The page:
House Order of Duke Peter Friedrich Ludwig, Civil Division, Grand Cross Breast Star (with golden crown)

CATEGORY: Version

SKU: 01.OLD.0101.103.01.001

Estimated market value:

$1200+ USD

  • Grand Cross Breast Star (with golden crown)
  • Grand Cross Breast Star (with golden crown)
  • Grand Cross Breast Star (with golden crown)
  • Grand Cross Breast Star (with golden crown)

Estimated market value:

$1200+ USD

Attributes

  • Country
    Germany
  • Composition
    Silver/Silver gilt/Enamelled
  • Inscription
    Obv: PFL EIN GOTT EIN RECHT EINE WAHRHEIT
  • Size
    80-84mm
  • Image Licensing
    https://www.emedals.com/europe/germany/german-states/oldenburg/oldenburg-grand-duchy-a-house-merit-order-of-duke-peter-friedrich-ludwig-grand-cross-star-c-1860

Physical Description and Item Details


(Haus und Verdiesnt Orden des Herzogs Peter Friedrich Ludwig, Bruststern zum Großkreuz mit der goldenen Krone). Instituted on November 27, 1838 by Grand Duke Paul Friedrich August. (Issued 1841-1918). An eight pointed multi-rayed silver star, the obverse with a dark blue central enameled medallion depicting the Gold crowned cipher of Peter Friedrich Ludwig, surrounded by a broad red ring of enamels, inscribed “EIN GOTT EIN RECHT EINE WAHRHEIT” (One God, One Righteousness, One Truth), the reverse plain reinforced tips on each of the eight arms, and with a vertical pinback and a functional hinge/catch assembly, marked “Womack” on the reverse, and interestingly with a Dutch dolphin hallmark which although originally denoting silver fineness of less than 250, was also sometimes mistakenly used on foreign objects, measuring 81.93 mm (w) x 81.86 mm (h), weighing 37.8 grams, light patina, overall extremely fine condition.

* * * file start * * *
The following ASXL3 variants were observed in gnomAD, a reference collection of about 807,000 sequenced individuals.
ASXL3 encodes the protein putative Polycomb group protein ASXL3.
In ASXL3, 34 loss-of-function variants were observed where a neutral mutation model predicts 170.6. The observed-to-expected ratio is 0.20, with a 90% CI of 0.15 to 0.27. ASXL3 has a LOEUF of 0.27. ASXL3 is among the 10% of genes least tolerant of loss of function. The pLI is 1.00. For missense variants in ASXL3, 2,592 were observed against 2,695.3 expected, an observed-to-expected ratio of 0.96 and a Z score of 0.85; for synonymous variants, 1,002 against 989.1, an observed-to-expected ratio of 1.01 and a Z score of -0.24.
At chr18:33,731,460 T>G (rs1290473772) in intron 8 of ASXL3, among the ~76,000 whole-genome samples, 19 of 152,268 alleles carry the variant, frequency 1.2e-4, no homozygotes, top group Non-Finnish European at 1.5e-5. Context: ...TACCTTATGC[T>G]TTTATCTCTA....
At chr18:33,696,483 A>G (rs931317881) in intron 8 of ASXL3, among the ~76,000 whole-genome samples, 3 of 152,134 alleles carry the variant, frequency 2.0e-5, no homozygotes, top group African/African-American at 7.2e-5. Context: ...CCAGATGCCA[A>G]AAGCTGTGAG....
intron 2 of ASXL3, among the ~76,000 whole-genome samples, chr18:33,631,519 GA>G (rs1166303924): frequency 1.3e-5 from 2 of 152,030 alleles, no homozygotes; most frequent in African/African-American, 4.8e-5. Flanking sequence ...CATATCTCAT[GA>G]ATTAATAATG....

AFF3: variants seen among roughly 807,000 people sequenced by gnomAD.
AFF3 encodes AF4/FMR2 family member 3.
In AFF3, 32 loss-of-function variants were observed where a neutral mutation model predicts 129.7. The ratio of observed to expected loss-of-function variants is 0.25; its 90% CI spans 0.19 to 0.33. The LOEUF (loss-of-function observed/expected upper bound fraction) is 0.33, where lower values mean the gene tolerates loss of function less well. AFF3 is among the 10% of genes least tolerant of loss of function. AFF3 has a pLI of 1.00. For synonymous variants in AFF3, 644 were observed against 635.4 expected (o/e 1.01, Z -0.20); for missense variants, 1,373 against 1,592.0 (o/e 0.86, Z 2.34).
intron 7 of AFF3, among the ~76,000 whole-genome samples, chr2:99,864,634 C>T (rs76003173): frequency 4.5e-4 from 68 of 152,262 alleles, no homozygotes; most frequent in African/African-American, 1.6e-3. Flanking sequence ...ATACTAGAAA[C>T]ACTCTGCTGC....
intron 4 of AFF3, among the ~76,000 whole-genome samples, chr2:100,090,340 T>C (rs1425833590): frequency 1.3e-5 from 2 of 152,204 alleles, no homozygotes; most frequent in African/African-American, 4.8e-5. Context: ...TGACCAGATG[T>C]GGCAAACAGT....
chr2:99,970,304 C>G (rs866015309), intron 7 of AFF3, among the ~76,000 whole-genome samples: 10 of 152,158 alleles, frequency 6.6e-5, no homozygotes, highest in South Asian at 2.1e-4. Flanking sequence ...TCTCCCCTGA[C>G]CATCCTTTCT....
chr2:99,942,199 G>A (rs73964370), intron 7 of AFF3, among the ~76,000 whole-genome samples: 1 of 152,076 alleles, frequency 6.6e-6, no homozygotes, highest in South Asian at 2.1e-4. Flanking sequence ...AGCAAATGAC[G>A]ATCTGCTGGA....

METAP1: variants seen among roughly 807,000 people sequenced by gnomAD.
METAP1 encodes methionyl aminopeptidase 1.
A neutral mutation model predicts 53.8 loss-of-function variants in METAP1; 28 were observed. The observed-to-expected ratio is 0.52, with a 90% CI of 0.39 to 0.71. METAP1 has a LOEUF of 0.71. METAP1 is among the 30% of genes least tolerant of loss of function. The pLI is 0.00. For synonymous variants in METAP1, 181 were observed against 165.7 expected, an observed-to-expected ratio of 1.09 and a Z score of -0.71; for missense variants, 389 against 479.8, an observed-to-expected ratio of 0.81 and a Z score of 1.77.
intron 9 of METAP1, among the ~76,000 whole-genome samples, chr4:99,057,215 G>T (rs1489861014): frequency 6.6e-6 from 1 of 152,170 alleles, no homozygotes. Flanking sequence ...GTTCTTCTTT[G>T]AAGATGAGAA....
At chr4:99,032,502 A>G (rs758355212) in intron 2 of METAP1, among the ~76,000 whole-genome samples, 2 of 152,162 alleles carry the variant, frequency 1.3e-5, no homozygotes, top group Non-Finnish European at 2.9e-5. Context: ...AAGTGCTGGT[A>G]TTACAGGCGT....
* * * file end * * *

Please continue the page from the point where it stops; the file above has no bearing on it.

History


The Order was instituted by Grand Duke Paul Friedrich August of Oldenburg in commemoration of his father, Duke Peter Friedrich Louis. It was conferred in recognition of both civil and military merit.

The Order was separated into two divisions; each division featured the same awards, but they were allotted a different number of members.

The first division or “die Kapitulare” (the Capitulars) was limited to citizens of Oldenburg. The Princes of the Ducal House were entitled to become Honorary Members of the Grand Cross, so long as their lineage to the House was traced through a direct male blood line. The Capitulars had an associated badge, which was a medallion surrounded by an enamelled green wreath. The badge came in numerous grades, which affected the composition.

The second division was composed of Honorary Members. This division of the Order was allowed to confer twice as many awards.

All grades of the Order, except for the Gold, Silver, and Bronze Medals, could be awarded with crossed swords to denote military merit.

If an individual had previously been awarded a lower-grade decoration with swords, and later received a higher grade without swords, they wore “swords on ring” on the higher grade.

In 1918 a further provision for a wreath of laurels was added to the Order. The wreath was conferred for war merit.

The Order became obsolete in 1918 when the last Grand Duke of Oldenburg renounced the throne.

In 1841 the Grand Cross (with crown) was divided into Grand Cross (with gold crown) and Grand Cross (with silver crown).

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